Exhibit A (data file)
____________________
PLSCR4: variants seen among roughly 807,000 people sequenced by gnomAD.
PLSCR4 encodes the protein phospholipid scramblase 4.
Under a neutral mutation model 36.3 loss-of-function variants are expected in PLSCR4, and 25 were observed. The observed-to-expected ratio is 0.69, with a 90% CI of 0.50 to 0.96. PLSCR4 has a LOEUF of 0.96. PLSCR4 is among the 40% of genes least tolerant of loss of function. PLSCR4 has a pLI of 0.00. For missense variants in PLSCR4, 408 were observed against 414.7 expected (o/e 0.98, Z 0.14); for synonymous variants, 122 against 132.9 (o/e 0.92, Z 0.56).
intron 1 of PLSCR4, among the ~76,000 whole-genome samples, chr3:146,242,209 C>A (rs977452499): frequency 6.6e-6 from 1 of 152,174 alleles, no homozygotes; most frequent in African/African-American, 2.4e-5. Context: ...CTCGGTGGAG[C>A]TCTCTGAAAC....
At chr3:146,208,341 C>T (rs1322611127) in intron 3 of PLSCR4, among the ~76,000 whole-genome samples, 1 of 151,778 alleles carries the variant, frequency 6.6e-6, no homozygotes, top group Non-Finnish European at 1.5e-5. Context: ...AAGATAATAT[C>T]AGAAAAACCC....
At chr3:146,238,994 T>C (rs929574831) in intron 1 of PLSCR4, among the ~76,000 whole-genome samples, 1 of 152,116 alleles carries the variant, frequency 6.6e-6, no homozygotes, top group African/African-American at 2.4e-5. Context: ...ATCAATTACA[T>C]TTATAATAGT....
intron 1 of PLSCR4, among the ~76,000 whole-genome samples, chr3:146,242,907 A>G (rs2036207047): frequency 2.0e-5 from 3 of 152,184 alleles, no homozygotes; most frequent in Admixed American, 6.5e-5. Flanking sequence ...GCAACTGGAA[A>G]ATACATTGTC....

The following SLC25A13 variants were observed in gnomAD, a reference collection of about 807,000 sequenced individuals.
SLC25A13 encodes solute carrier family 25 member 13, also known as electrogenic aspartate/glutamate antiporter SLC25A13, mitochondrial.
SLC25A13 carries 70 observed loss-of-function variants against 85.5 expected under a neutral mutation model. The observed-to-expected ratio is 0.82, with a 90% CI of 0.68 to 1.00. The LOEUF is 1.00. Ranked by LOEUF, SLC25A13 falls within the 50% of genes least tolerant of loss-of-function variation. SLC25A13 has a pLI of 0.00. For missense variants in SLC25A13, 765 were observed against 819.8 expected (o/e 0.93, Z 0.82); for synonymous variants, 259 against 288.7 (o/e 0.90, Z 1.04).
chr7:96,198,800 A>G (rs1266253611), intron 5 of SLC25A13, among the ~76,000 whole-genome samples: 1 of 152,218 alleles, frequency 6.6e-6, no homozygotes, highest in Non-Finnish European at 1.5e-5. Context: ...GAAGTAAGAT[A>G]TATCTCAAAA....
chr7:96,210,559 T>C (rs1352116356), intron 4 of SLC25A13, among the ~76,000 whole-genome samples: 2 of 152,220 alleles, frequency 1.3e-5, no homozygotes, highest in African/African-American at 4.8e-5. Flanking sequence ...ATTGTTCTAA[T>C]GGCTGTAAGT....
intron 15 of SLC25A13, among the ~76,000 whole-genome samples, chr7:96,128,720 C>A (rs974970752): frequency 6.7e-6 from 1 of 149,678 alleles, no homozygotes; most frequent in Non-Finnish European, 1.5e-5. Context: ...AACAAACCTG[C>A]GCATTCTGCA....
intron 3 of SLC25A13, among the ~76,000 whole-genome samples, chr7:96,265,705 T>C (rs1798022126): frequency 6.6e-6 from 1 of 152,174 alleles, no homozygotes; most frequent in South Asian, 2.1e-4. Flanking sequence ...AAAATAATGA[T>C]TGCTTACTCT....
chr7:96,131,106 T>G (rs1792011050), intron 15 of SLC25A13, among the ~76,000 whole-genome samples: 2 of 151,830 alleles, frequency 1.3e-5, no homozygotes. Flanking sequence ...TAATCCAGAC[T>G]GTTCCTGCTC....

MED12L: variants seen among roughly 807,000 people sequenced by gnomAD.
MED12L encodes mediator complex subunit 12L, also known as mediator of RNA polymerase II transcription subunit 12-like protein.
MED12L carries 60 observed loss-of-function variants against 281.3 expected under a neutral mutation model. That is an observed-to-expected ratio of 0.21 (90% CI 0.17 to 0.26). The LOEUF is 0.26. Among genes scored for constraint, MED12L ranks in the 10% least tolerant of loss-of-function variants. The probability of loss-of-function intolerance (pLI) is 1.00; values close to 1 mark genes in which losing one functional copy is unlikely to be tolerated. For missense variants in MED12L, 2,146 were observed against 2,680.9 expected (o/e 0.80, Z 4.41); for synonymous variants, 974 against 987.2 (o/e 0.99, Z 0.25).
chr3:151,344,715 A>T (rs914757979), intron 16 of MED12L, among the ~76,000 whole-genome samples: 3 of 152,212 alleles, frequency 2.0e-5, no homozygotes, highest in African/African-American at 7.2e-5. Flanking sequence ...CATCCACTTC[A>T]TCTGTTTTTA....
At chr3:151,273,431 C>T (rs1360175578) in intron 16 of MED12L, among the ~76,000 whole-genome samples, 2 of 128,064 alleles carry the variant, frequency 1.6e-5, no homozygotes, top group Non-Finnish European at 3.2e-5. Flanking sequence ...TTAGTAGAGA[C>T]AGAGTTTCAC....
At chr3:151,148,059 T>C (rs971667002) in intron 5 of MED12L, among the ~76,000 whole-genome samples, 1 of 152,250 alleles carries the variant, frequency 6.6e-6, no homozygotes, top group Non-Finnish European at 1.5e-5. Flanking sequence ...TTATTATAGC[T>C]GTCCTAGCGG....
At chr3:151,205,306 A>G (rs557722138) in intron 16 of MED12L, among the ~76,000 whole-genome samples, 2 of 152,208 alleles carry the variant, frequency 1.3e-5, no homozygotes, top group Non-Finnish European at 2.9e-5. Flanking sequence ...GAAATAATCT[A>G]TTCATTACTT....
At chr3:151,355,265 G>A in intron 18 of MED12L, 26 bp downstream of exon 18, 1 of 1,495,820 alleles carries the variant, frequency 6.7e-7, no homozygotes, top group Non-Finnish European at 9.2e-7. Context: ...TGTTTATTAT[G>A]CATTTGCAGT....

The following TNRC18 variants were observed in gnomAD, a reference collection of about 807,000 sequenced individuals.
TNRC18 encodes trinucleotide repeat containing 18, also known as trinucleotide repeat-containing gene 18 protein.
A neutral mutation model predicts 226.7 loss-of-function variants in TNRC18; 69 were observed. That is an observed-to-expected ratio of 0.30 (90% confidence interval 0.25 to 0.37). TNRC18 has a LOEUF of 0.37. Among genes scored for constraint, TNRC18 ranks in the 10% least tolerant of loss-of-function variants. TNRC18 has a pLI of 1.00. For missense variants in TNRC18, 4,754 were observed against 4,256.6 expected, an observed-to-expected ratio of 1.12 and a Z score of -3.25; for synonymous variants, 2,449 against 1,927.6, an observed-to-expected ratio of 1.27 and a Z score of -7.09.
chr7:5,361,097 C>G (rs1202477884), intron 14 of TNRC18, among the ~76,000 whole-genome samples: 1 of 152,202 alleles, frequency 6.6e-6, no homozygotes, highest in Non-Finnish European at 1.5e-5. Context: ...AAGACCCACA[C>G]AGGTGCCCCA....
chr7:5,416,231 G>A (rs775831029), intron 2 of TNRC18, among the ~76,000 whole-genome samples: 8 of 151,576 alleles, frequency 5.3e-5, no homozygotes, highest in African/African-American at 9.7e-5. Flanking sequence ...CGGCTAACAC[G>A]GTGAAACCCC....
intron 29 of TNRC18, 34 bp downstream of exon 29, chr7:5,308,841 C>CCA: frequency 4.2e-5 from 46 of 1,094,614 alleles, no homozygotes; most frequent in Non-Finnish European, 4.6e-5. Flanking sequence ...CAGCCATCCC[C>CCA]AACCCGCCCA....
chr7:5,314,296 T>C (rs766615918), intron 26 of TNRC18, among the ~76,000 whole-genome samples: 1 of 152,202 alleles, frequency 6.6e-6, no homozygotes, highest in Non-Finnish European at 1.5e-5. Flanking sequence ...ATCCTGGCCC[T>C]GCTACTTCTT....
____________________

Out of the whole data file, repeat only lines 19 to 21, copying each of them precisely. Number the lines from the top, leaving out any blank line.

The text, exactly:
chr3:151,344,715 A>T (rs914757979), intron 16 of MED12L, among the ~76,000 whole-genome samples: 3 of 152,212 alleles, frequency 2.0e-5, no homozygotes, highest in African/African-American at 7.2e-5. Flanking sequence ...CATCCACTTC[A>T]TCTGTTTTTA....
At chr3:151,273,431 C>T (rs1360175578) in intron 16 of MED12L, among the ~76,000 whole-genome samples, 2 of 128,064 alleles carry the variant, frequency 1.6e-5, no homozygotes, top group Non-Finnish European at 3.2e-5. Flanking sequence ...TTAGTAGAGA[C>T]AGAGTTTCAC....
At chr3:151,148,059 T>C (rs971667002) in intron 5 of MED12L, among the ~76,000 whole-genome samples, 1 of 152,250 alleles carries the variant, frequency 6.6e-6, no homozygotes, top group Non-Finnish European at 1.5e-5. Flanking sequence ...TTATTATAGC[T>C]GTCCTAGCGG....